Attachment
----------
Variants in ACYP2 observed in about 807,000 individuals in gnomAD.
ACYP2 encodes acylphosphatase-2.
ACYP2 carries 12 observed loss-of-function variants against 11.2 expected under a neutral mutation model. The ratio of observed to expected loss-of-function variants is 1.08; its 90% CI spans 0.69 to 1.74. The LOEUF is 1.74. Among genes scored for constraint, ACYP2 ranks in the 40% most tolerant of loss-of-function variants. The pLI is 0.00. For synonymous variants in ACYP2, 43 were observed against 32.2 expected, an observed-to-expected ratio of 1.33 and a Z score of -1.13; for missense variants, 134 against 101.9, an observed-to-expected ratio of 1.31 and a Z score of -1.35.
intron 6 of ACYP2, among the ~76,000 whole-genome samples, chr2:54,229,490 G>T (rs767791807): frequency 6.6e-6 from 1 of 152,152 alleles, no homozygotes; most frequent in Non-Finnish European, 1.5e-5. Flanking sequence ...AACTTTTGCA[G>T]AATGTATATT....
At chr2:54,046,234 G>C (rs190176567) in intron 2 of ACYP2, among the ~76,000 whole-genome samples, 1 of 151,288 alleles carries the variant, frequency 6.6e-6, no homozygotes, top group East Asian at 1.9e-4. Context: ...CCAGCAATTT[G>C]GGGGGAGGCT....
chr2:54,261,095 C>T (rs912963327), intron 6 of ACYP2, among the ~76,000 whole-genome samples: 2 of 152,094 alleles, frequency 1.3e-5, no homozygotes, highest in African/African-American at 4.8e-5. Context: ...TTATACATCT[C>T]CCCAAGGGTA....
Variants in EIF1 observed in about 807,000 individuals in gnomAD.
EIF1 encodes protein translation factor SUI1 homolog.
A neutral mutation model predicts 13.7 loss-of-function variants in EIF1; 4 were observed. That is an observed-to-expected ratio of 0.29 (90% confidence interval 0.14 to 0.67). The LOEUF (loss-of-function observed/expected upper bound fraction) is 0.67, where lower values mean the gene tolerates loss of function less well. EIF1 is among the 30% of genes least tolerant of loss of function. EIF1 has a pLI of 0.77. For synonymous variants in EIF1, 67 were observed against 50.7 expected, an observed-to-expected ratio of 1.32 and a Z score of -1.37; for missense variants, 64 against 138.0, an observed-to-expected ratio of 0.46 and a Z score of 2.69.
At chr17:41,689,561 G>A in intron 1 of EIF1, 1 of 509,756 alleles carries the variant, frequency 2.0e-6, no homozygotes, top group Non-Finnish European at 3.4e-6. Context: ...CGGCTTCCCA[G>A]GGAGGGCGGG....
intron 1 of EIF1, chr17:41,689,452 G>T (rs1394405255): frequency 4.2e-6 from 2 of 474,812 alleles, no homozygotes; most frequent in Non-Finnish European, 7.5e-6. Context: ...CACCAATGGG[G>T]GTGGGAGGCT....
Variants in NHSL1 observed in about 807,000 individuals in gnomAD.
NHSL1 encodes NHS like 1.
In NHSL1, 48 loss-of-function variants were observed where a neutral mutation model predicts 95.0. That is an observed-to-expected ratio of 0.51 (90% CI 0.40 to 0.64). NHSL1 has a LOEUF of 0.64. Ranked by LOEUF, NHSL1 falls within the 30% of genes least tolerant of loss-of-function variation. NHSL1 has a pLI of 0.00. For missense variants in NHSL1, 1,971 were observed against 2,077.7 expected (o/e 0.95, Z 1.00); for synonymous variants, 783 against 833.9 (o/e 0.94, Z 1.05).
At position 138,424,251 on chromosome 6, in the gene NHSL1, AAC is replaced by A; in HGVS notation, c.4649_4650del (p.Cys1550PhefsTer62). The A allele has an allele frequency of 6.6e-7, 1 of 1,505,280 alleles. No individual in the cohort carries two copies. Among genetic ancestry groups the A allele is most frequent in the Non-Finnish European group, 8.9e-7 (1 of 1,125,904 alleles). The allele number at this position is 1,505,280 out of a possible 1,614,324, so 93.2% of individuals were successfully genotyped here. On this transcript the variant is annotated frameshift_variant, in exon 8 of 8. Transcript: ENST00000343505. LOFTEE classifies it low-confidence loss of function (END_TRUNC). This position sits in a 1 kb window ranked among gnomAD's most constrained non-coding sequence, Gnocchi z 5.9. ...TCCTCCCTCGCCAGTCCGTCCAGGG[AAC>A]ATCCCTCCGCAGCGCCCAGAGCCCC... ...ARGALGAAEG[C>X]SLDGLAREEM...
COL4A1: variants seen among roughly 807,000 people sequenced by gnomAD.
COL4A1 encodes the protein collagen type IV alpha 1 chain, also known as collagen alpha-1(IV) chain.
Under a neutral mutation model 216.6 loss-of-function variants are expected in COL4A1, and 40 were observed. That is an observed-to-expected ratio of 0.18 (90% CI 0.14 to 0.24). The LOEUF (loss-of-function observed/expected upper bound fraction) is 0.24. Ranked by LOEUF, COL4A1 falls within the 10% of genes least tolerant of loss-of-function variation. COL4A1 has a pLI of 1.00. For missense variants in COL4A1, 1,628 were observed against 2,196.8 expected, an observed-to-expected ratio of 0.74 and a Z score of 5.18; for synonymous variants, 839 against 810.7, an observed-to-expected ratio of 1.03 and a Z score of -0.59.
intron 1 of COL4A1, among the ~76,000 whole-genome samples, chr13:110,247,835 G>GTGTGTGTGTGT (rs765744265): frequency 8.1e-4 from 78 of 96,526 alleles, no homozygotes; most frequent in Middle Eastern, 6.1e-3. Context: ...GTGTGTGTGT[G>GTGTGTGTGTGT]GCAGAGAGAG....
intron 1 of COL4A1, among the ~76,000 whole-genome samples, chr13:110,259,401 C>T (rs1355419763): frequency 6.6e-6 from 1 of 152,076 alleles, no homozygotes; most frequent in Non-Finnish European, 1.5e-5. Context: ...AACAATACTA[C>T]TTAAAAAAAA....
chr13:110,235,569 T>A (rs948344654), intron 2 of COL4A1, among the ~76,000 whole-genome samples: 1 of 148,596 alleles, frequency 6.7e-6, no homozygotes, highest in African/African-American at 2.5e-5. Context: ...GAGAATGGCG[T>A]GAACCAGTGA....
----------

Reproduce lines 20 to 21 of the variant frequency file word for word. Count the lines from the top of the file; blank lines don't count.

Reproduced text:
intron 1 of COL4A1, among the ~76,000 whole-genome samples, chr13:110,259,401 C>T (rs1355419763): frequency 6.6e-6 from 1 of 152,076 alleles, no homozygotes; most frequent in Non-Finnish European, 1.5e-5. Context: ...AACAATACTA[C>T]TTAAAAAAAA....
chr13:110,235,569 T>A (rs948344654), intron 2 of COL4A1, among the ~76,000 whole-genome samples: 1 of 148,596 alleles, frequency 6.7e-6, no homozygotes, highest in African/African-American at 2.5e-5. Context: ...GAGAATGGCG[T>A]GAACCAGTGA....